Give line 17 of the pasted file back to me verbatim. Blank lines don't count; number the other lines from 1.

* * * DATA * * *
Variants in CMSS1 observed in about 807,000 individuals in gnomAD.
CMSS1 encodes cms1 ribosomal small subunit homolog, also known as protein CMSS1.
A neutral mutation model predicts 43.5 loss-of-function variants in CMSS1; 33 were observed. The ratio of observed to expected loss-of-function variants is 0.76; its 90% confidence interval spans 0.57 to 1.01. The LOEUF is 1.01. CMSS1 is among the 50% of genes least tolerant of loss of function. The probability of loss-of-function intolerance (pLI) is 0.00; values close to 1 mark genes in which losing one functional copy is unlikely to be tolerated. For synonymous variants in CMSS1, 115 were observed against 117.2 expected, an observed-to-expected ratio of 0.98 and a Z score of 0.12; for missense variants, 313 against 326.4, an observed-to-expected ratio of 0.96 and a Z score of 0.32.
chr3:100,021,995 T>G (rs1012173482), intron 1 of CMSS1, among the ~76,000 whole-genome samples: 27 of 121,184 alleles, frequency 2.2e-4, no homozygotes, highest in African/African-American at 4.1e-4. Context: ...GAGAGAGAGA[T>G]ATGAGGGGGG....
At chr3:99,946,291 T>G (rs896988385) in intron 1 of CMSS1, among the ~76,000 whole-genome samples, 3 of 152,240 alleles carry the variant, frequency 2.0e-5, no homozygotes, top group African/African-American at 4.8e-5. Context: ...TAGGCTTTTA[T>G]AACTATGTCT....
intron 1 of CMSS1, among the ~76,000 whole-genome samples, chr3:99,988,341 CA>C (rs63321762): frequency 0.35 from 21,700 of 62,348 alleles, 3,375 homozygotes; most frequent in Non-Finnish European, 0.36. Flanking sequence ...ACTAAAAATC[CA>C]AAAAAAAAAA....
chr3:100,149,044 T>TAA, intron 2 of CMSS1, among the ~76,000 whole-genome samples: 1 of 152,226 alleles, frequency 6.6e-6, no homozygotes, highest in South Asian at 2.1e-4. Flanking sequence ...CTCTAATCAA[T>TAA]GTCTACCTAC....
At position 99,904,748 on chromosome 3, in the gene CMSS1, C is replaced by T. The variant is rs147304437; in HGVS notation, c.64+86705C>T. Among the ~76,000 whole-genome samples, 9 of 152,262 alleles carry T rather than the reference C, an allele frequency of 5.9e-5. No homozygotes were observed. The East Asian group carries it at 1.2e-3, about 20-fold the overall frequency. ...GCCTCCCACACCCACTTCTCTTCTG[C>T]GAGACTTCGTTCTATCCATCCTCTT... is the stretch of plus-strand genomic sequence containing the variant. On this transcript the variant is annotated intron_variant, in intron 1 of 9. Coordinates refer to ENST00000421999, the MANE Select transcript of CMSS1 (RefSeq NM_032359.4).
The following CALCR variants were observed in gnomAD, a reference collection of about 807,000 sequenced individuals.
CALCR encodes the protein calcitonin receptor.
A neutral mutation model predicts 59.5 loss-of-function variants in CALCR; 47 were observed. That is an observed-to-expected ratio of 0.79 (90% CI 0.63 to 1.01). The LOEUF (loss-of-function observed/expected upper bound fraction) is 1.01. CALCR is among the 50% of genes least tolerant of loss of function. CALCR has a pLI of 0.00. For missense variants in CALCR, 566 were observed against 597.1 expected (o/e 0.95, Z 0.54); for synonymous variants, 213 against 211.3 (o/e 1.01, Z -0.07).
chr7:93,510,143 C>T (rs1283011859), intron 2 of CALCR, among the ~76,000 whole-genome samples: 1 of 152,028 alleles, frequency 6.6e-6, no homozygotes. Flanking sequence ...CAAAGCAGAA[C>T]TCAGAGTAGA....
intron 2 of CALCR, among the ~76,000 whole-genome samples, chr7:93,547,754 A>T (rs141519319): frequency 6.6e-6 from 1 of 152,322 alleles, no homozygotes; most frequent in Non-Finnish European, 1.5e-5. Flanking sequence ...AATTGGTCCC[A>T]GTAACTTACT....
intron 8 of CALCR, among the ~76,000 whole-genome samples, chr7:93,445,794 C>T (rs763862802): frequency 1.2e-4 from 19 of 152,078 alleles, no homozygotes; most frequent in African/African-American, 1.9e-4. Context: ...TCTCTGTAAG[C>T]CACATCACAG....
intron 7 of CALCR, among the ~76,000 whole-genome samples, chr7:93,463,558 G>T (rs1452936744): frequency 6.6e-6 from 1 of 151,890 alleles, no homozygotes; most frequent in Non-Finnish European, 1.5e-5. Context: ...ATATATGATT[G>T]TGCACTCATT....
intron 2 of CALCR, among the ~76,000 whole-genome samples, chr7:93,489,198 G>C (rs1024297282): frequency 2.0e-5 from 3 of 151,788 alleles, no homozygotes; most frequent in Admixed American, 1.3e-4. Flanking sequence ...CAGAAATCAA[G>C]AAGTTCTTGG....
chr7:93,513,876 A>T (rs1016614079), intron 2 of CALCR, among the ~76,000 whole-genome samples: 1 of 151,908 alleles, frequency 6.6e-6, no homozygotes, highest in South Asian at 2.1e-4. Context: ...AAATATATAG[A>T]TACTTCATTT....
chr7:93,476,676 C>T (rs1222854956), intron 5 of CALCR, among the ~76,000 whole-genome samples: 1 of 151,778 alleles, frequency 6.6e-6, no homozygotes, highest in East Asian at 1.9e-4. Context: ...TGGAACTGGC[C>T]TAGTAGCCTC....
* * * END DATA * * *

chr7:93,513,876 A>T (rs1016614079), intron 2 of CALCR, among the ~76,000 whole-genome samples: 1 of 151,908 alleles, frequency 6.6e-6, no homozygotes, highest in South Asian at 2.1e-4. Context: ...AAATATATAG[A>T]TACTTCATTT....